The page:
he became acquainted during the
time he, was stationed here. He ex
pects to. find his discharge papers
I a. . .
awaiting hi. return to camp at the
termination of his furlough.
Partv wfNi car or horse and
Mynard, Nebr. lC-2wksw
TIE AT CRETE
MEMBERS OF WAH-WAH-TAY-SEE
AND TOXA CAMPS OF
CAMP FIRE GIRLS
LIVE PEACEFULLY IN 1 CABIN
Nearly 700 Girls There from Over
Nebraska Good Time and
Lots of Sports.
From Thursday's Daily.
That the fifteen or more Platts-
mouth girls members of the Wah-Wah-Tay-See
and Toka camps of the
Camp Fire Girls who are attending
the state summer encampment at
Crete are having a wonderful time.
could be guessed safely enough ii.
the absence of word from them. Lul
now that confirmation in the form
f a letter from the young ladies
has come, we pass our convictions
along to the reader with positive as
surance that they are well founded.
The following account of life in
camp comes to us from the pen oi
-ome of the young ladies them
"P.oth camps from Plattsmout 14
arrived at the Metikomeesh camp in
'rete on Saturday at 11:45 a. m.
and were assigned to their cabin.
rhe members of both camps were
put in the same cabin and are liv-
fng peacefully together.
"The second night five of the girl.-.
were asked to take part in a pea
eant, they bing Fae Chase, Ruth
Mou'et. Mary Margret Walling. Catli-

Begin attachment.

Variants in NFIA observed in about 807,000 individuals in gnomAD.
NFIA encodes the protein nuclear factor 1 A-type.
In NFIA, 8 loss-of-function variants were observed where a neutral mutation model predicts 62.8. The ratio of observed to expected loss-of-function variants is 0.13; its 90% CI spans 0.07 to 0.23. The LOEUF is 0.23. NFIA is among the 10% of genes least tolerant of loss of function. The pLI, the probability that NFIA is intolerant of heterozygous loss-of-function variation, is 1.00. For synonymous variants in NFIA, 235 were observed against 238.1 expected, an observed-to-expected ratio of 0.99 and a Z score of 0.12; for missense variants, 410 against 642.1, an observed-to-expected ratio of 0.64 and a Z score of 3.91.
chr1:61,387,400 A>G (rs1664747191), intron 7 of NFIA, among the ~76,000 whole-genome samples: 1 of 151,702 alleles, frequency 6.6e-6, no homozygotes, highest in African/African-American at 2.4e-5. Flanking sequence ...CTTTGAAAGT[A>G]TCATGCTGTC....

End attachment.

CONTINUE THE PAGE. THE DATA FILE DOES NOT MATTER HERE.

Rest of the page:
.rine Wadick and Virginia Heeson.
rhe following night Clare Crcamei
was asked to take part in a red-he? d-
'd program. Two girls were asked
o s:ct on the council. They were
Alice Pollock and Clara Mae Mor-
an. These girls help to make the
'.aws for the whole camp and en
force them. Clara Mae was also
hoen as one of the eight sport lea 1
rs for the track, meet.
"The girls are striving for blue
ribbons that are awarded for being
able to handle a boat and take othe;
?irls out. The first one from the
Plattsmouth cabin to receive the
blue ribbon was Grace Heeson; th
next Catherine Waddick and Mes-
dames Westover and Gobelman. Oth
ers expect to take the test this af
"Miss Sweenio. sister of Mrs. Stan-
iield. former guardian of the Toka
amp is situated just two cabins
apart from us.' They ar" from Hold-
rege and are namesakes of the
"Plattsmouth people will please
remember that the giTls all like to